[ANNOUNCEMENT] [1.7] Updated: coreutils-7.0-1

Corinna Vinschen corinna-cygwin@cygwin.com
Tue Dec 16 14:11:00 GMT 2008

On Dec 16 06:25, Eric Blake wrote:
> According to Corinna Vinschen on 12/16/2008 2:20 AM:
> >> unfortunately, is that the Linux patch to use d_type and inode
> >> sorting to speed up rm from quadratic to linear on directories with a
> >> large number of files did not apply to cygwin because of differences in
> >> statfs.
> > 
> > -v?  Is that something we can support by tweaking Cygwin?
> I'm not sure yet.  It doesn't even work on Hurd, and part of the bug is
> coreutils' fault:
> http://lists.gnu.org/archive/html/bug-coreutils/2008-10/msg00005.html
> The problem is that Linux has hardcoded magic constants for various
> filesystem types, returned through struct statfs.f_type, which are

Hmm, Cygwin's statvfs struct doesn't have f_type.

> distinct from magic constants returned by other OSs. 
> [...]
> Also, coreutils currently only sorts large directories, but cygwin reports
> directory st_size as 0 regardless of directory size, so there is no way to
> identify large directories up front.

Not quite.  Did you call `ls -s' on cygwin's / directory lately?  A snippet
from mine on one of my machines look like this:

160 drwxrwx---+ 1 corinna vinschen       163840 Dec 16 10:13 bin
  0 drwxrwx---+ 1 corinna vinschen            0 Apr 15  2008 cygdrive
  0 drwxrwx---+ 1 corinna vinschen            0 Apr 30  2008 dev
 12 drwxrwx---+ 1 corinna vinschen        12288 Dec 15 11:15 etc
  4 drwxr-xr-x+ 1 corinna vinschen         4096 Jul  4 10:41 home
 40 drwxrwx---+ 1 corinna vinschen        40960 Dec  8 11:58 lib
  0 dr-xr-xr-x  8 corinna vinschen            0 Dec  1  2006 proc
  0 drwxrwx---+ 1 corinna vinschen            0 Apr 15  2008 sbin
  4 drwxrwxrwt+ 1 corinna vinschen         4096 Dec 15 16:35 tmp
  4 drwxrwx---+ 1 corinna vinschen         4096 Dec  8 11:54 usr
  0 drwxr-xr-x+ 1 SYSTEM  Administrators      0 May 21  2008 var

The size of a directory which you just created is 0.  But big
directories (like /bin), or directories which once were big (like /tmp)
have a size which is a multiple of 4K.  This size is what's returned by
the NT function NtQueryInformationFile.  I assume that a directory is
created with one block in a pre-allocated area in the MFT or so, which
explains size 0.  When the dir grows, then normal FS blocks are added,
so the size grows beyond 0.  But actualyy I have no idea, so it could be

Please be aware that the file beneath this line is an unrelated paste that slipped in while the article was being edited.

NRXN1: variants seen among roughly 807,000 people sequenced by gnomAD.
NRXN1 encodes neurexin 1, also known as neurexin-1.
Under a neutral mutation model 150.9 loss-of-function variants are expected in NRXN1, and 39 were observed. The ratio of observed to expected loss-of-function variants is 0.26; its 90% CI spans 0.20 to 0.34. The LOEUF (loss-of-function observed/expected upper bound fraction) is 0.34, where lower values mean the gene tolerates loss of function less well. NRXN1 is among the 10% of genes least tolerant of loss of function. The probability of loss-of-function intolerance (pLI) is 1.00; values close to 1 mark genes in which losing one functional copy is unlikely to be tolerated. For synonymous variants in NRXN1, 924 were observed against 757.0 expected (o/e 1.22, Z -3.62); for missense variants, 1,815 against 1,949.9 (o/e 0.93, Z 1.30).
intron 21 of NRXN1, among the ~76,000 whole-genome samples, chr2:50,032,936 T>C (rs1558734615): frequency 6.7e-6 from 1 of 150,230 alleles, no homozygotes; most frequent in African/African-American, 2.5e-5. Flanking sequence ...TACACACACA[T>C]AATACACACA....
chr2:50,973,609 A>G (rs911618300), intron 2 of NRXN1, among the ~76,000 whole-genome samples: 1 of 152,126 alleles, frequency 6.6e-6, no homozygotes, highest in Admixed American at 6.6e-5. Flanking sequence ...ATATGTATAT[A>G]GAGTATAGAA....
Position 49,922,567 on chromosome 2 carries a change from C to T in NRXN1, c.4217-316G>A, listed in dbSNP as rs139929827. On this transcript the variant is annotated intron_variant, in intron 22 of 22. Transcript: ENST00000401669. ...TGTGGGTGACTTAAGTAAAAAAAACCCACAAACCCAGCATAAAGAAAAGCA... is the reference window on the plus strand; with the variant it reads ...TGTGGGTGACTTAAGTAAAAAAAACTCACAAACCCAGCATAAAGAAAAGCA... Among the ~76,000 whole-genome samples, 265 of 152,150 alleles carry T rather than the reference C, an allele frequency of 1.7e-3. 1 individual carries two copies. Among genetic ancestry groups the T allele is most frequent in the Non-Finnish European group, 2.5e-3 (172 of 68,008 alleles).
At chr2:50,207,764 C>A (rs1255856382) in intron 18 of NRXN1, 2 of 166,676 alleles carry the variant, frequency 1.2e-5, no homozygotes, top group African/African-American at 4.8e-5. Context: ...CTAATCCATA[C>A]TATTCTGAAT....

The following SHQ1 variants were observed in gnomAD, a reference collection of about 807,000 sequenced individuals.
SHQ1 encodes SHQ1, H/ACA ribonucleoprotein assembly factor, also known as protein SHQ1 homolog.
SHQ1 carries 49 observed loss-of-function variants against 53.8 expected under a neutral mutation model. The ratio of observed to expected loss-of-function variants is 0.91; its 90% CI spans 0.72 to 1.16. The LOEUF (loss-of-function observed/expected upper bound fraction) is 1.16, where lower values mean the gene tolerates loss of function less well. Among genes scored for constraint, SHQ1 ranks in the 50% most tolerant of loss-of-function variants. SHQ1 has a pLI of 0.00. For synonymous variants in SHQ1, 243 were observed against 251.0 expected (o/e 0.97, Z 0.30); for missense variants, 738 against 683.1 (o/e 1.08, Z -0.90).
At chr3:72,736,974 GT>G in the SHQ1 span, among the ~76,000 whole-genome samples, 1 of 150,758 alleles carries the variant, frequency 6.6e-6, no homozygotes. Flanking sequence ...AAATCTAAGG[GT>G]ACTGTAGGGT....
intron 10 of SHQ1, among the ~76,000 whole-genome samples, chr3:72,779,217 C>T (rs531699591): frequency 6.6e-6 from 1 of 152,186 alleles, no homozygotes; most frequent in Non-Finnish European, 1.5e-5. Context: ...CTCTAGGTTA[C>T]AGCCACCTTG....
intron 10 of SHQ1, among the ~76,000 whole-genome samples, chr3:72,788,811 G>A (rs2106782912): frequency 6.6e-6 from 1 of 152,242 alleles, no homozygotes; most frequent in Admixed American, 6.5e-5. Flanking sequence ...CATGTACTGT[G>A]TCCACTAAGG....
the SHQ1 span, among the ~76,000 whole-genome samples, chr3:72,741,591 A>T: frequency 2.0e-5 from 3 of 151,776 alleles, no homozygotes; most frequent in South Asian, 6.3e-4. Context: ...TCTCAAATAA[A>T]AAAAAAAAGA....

entirely different. :)

>  183 /* Return the type of the specified file system.
>  184    Some systems have statfvs.f_basetype[FSTYPSZ] (AIX, HP-UX, and
> Solaris).
>  185    Others have statvfs.f_fstypename[_VFS_NAMELEN] (NetBSD 3.0).
>  186    Others have statfs.f_fstypename[MFSNAMELEN] (NetBSD 1.5.2).
>  187    Still others have neither and have to get by with f_type (Linux).
>  188    But f_type may only exist in statfs (Cygwin).  */

Yeah, but we don't have that.  For type recognition we have
statvfs::f_flag which is an exact copy of the Windows FS flags, or
mntent::mnt_type, which is the file system name (like "ntfs").  So the
ability would be available, it just had to be used.

> [...]
>   And even if the
> coreutils files are improved, we are back to the bigger original question:
> Are there any file systems accessed by cygwin where sorting readdir()
> results into inode order, rather than visiting contents in directory
> listing or name order, provides a speedup by allowing less disk seek time
> (or put another way, do the inode numbers presented by Cygwin for local
> NTFS disks match disk seek order)?  Conversely, are there any file systems
> where taking the time to sort readdir() results is provably a waste (for
> example, a ramdisk, where seek time is instant regardless of inode, or FAT
> and NFS where inode numbers are synthesized with no correlation to disk
> layout,

Interesting question.  NTFS and FAT filesystems are name-sorted by
default.  AFAIK directory changes on FAT are done in-memory, resorted,
and then written back as a whole block to disk.  NTFS is using an
always name-sorted B+ tree anyway.  So, as far as I can tell, resorting
by inode number would probably not help to speed up rm.  But that's
just me.


Corinna Vinschen                  Please, send mails regarding Cygwin to
Cygwin Project Co-Leader          cygwin AT cygwin DOT com
Red Hat

Unsubscribe info:      http://cygwin.com/ml/#unsubscribe-simple
Problem reports:       http://cygwin.com/problems.html
Documentation:         http://cygwin.com/docs.html
FAQ:                   http://cygwin.com/faq/

More information about the Cygwin mailing list